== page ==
Also- I am getting tired of comparing the democrats to communists. It is just muddying the waters. That’s like saying that the republican’s form of governance has been tried and failed in Hitler’s Germany. Talk like this just makes the other side angry and less likely to even want to talk to you, much less compromise and find an arrangement that both sides can live with. Politics is about coming to a compromise that everybody can live with, not a “it’s our way or the highway”. This is why the republicans got their asses handed to them in Nov and why they will not keep the white house in ’08. People are tired of the lying lies that these liars are lying. Apologies to Al Franken. The only republican I am looking at in ’08 is Rudy. I will vote for him if the GOP picks him. Otherwise, I’d like Edwards/Obama. I’m not at all keen on Hillary, but would vote for her just to get Bill back in there, our best president since Reagan.
    Tim | Homepage | 03.27.07 – 5:17 pm | #

    Tim – Donor state is political – write your Congress-critters and complain to them. Is it unfair? – yes, it is! Michigan needs the help in so many ways.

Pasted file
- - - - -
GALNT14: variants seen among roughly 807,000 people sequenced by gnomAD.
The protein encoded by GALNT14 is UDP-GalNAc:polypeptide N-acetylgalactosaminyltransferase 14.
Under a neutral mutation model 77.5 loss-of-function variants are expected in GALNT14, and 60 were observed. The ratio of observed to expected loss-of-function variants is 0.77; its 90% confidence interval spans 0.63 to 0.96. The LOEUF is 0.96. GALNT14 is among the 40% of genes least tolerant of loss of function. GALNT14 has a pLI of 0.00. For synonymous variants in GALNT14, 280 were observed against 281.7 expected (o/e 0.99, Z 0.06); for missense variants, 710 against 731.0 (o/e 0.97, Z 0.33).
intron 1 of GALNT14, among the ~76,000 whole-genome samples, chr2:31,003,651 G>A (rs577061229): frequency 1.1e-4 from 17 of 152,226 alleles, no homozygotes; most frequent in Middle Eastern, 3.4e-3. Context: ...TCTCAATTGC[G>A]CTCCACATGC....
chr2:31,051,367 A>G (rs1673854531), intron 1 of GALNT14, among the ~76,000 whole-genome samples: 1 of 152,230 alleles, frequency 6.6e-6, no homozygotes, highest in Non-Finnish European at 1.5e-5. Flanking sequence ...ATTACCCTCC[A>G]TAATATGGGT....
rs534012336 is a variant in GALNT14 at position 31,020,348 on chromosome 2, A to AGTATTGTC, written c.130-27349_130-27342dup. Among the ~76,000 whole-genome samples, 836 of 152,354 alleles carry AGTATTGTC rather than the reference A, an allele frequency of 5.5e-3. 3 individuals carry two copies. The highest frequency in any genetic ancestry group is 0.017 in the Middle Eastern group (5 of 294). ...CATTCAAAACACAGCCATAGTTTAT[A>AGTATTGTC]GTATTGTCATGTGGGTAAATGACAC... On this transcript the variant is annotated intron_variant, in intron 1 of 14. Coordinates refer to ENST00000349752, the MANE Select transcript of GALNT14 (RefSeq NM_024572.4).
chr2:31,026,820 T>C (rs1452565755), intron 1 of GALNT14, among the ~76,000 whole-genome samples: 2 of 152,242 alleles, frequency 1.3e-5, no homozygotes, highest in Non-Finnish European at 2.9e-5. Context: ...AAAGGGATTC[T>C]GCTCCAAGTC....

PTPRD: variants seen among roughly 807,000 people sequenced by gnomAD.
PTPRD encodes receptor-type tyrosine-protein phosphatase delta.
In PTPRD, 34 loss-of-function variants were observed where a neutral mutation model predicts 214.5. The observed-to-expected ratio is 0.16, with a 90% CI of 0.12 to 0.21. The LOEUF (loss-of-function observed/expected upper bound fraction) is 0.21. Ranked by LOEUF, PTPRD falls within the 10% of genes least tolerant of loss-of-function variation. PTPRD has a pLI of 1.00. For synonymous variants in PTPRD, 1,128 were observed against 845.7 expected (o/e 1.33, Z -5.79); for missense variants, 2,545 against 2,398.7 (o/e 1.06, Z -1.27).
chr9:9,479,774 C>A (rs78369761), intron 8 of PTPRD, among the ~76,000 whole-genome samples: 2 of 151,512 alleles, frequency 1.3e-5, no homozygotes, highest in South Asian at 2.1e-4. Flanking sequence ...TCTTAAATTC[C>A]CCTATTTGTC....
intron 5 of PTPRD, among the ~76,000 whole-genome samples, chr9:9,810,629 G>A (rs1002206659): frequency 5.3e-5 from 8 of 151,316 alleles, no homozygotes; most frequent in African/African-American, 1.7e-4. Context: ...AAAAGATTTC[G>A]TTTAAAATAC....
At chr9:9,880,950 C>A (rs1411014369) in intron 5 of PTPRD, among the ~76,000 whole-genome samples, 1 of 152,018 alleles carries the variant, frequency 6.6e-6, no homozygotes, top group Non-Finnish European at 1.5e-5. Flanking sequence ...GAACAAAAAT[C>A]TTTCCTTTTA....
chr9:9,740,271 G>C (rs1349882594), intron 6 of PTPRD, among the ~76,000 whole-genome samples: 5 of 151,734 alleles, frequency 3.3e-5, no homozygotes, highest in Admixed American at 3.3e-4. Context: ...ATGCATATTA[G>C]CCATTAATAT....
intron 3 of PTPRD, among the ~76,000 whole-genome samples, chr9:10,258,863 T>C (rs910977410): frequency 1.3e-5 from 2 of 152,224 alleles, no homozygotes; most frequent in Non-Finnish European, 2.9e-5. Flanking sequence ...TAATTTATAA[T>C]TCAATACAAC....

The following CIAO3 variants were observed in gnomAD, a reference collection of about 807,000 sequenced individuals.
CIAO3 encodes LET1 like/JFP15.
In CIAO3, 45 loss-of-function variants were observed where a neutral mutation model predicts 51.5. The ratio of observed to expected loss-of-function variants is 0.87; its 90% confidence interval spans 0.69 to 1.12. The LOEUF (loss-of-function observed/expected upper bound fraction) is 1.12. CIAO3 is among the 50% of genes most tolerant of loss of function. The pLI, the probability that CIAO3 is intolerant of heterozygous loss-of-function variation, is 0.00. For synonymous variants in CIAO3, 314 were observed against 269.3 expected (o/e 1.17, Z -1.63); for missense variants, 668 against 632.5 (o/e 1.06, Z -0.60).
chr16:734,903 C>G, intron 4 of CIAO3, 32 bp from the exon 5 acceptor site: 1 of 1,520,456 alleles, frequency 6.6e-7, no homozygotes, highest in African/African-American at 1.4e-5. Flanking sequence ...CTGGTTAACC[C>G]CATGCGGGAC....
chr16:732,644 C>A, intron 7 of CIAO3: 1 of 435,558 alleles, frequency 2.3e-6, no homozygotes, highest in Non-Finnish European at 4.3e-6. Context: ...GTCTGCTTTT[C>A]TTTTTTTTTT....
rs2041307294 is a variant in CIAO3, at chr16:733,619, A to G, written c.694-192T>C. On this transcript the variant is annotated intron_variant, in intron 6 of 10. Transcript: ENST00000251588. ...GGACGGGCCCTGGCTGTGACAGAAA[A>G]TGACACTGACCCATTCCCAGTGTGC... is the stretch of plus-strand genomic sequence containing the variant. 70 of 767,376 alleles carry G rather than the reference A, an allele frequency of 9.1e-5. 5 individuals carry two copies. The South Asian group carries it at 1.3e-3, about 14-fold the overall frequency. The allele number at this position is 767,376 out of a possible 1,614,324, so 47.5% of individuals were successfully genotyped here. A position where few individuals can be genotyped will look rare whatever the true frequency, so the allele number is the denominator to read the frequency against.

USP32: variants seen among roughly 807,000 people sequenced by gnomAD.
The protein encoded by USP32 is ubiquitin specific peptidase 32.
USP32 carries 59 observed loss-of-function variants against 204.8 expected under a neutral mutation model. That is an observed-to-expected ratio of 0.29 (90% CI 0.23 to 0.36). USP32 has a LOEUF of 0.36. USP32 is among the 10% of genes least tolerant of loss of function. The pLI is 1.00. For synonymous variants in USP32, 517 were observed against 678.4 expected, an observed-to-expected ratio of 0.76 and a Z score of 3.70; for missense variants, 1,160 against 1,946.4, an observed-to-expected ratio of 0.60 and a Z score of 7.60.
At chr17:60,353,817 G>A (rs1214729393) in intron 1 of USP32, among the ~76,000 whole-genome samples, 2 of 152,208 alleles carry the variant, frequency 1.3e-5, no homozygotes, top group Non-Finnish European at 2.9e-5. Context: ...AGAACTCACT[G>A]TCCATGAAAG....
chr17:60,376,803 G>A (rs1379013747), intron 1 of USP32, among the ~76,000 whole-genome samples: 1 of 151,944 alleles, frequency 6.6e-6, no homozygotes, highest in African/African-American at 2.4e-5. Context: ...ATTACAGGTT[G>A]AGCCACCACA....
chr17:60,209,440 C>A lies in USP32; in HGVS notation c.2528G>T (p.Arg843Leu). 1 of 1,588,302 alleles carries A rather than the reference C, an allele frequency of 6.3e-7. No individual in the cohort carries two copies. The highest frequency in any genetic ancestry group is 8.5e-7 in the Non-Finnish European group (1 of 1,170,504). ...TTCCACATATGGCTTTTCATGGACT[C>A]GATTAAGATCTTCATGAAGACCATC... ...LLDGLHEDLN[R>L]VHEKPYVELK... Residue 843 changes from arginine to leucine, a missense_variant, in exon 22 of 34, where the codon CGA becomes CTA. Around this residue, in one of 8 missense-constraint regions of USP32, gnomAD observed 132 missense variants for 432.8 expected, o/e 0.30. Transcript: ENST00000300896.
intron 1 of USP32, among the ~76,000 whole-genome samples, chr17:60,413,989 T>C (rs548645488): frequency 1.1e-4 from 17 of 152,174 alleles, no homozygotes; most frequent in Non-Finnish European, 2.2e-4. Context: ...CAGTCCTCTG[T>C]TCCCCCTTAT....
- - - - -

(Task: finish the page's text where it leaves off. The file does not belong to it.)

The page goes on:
Politics: The way that it’s headed it’s now my way and forget about your way. It’s no longer about compromise, it’s about who’s in power and keeping it that way. And both Dems and Reps are that way – I see arrogance in both parties. And considering the philosophies that the parties are adopting as their own, one cannot help but to compare to similar philosophies.

    Sorry, Tim – I can’t stand either Hillary or Bill. We’ll see what happens with the rest of the candidates.

    Anon – Thanks for the link
    Tom | Homepage | 03.28.07 – 8:21 am | #

    Great blog Tom. Good points. Check out http://www.survivingmichigan.com

    I am amazed at how bad the average person thinks Michigan is doing.
    Anonymous | Homepage | 04.02.07 – 9:43 pm | #